According to OMA figures, wait times for common surgical procedures in the Ottawa area have exceeded provincially recommended wait times. Meanwhile, The Ottawa area needs 158 more physicians, according to HealthForceOntario, which posts medical job openings.

Between 42 and 74 per cent of people in the Ottawa area waited longer for knee surgery and 83 per cent waited longer for hip surgery compared to provincial guidelines, depending on where the procedure was performed and how urgently it was needed, according to OMA. The provincial guidelines recommend knee and hip surgeries be performed within 42 to 182 days from the time of the decision to perform surgery, depending on urgency.

About 32 per cent of Ontario patients waited longer for cataract surgery than the recommended 42 to 182 days. In the Ottawa area, between 24 and 49 per cent of patients waited longer, depending on location.

About eight per cent of Ontario patients waited longer than the recommended 14 to 90 days for heart bypass surgery. In the Ottawa area, 24 per cent of patients waited longer, according to the OMA figures.

About 63 per cent of Ontario patients waited longer than the recommended two to 28 days for an MRI. In the Ottawa area, longer-than-recommended wait times ranged from 52 to 95 per cent.

Catching up on the backlog is one of the points in OMA’s five-point plan to improve health care. One way to help reduce the pandemic surgical backlog is to deliver more services in specialty settings outside hospitals, said Zacharias. These would provide hospital-based, publicly-funded specialized skills in areas such as cataract surgery and diagnostic imaging.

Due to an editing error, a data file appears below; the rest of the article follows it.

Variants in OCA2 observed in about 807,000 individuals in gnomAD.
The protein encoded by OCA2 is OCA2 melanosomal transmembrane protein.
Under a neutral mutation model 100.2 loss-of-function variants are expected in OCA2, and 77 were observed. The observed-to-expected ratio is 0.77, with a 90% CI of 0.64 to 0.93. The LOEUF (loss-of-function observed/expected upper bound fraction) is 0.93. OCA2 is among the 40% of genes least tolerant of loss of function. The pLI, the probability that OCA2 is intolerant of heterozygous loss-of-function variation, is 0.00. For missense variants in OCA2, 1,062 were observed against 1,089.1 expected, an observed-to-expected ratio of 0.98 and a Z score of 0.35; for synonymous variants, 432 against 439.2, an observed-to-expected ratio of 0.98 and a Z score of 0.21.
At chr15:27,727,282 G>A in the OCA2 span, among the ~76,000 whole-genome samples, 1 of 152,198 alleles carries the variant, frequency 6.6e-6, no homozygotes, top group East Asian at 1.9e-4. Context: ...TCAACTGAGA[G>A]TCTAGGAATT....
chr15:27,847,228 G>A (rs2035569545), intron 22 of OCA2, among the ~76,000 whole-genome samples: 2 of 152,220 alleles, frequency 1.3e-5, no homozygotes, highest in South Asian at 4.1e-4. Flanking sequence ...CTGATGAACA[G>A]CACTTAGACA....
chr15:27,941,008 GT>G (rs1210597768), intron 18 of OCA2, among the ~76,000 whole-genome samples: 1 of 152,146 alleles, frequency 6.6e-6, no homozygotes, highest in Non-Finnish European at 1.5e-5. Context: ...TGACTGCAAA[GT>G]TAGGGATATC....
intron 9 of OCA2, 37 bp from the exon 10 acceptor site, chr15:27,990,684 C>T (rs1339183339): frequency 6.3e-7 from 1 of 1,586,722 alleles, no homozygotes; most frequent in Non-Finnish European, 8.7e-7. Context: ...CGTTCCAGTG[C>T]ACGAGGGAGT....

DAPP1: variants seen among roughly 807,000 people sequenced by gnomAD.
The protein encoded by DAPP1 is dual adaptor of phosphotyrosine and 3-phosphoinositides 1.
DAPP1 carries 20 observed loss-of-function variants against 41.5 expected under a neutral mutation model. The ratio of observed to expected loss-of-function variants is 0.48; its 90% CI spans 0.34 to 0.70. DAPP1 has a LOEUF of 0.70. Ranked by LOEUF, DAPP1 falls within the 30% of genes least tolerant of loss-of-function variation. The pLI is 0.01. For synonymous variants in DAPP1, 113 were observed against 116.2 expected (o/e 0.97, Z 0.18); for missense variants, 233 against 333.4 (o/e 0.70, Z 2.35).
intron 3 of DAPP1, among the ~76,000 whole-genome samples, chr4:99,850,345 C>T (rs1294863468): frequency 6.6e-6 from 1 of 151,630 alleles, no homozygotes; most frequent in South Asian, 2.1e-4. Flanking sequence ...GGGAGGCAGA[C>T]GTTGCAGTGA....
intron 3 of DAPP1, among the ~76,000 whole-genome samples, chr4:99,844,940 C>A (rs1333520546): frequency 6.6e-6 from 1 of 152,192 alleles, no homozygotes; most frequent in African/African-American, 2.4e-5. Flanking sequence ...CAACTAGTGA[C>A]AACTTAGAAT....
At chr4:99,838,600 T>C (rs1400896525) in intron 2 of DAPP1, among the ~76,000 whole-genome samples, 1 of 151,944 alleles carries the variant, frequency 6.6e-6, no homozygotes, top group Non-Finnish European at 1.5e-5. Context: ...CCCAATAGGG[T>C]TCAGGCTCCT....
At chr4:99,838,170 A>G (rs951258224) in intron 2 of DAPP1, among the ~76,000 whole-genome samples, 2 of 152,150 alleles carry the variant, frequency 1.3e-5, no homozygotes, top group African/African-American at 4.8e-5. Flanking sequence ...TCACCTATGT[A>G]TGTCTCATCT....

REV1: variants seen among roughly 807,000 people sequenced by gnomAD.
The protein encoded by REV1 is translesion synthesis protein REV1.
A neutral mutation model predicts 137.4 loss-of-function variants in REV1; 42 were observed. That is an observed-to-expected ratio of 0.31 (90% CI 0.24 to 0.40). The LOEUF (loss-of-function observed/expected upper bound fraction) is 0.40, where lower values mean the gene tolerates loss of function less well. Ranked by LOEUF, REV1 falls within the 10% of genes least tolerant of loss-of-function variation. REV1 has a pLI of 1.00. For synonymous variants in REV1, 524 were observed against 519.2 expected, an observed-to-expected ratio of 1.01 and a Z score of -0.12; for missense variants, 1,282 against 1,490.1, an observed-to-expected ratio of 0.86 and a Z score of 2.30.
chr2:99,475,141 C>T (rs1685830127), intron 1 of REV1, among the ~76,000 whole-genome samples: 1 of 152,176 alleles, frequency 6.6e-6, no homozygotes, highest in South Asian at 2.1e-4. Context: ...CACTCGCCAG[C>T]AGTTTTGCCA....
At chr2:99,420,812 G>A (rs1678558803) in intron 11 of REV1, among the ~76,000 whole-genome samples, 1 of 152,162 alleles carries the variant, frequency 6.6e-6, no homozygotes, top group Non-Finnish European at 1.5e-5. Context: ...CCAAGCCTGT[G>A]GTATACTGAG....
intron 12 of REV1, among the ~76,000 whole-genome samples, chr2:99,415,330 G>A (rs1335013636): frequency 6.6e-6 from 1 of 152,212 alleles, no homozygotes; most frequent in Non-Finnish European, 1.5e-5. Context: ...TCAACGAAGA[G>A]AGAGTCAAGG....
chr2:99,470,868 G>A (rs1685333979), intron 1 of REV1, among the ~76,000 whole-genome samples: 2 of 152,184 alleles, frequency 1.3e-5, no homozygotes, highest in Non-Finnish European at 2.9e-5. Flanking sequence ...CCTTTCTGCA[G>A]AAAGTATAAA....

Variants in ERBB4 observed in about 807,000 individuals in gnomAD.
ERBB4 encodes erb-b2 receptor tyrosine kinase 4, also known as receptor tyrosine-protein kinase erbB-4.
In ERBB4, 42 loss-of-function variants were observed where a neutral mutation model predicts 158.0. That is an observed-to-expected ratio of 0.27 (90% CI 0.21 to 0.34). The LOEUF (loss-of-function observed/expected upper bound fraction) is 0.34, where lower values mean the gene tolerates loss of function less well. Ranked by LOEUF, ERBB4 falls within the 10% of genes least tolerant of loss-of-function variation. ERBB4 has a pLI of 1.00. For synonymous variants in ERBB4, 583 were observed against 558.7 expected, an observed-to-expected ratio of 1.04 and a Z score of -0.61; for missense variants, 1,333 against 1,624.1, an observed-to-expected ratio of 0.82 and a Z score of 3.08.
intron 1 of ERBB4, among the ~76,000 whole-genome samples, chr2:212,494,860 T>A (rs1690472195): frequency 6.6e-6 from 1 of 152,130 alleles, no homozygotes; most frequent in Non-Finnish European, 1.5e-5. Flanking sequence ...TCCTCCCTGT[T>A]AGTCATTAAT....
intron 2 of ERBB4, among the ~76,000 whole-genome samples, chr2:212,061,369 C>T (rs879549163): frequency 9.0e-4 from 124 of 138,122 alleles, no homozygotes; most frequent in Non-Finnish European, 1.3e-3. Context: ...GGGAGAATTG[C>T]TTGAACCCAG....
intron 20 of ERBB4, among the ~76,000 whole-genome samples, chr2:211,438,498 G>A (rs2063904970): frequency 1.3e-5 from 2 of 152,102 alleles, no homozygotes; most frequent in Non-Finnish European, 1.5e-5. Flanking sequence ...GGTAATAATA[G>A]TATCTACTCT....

“With technology advancements, this is a reasonable, achievable goal,” she said. “It would require an investment, but it’s doable. We have to think outside the box because what we’re doing isn’t working.”

A spokesperson for CHEO said the last thing the hospital wants to do is cancel an operation or procedure.

“When it comes to kids’ health and well-being, we know everyday matters and every delay has a cost,” they said.

“Our team at CHEO continues to step up to care for kids, as we have throughout the pandemic. Sadly, too many kids continue to wait too long for care. Many are often waiting longer than adults do for similar services, including surgeries. This was the case before the pandemic, it’s now worse.”
The backlogs are causing pain for kids, parents and clinicians, who are genuinely distressed when a life-enhancing procedure must be postponed, said the spokesperson. CHEO is part of the Children’s Health Coalition, which earlier this month asked for a $1 billion commitment from Ontario’s new government over four years for a comprehensive health-care plan for children and youth.

Lanoux believes the delays and glitches for Melyane’s can’t all be attributed to COVID-19.

“I tried to comfort her, saying the operation was near and she would be relieved, and it didn’t happen. Twice. We can’t keep going like that,” she said.

On Tuesday, Melyane was rescheduled for surgery on June 3. Lanoux is hoping that this time it will happen. There has been the frustration of not being able to give her daughter the medication she needed when she was in pain. The delays have affected Melyane in many ways. She can’t cycle to school. She needs help dressing and putting on her shoes.

“I’m hoping,” said Lanoux. “But at the back of my mind, I think it won’t happen.”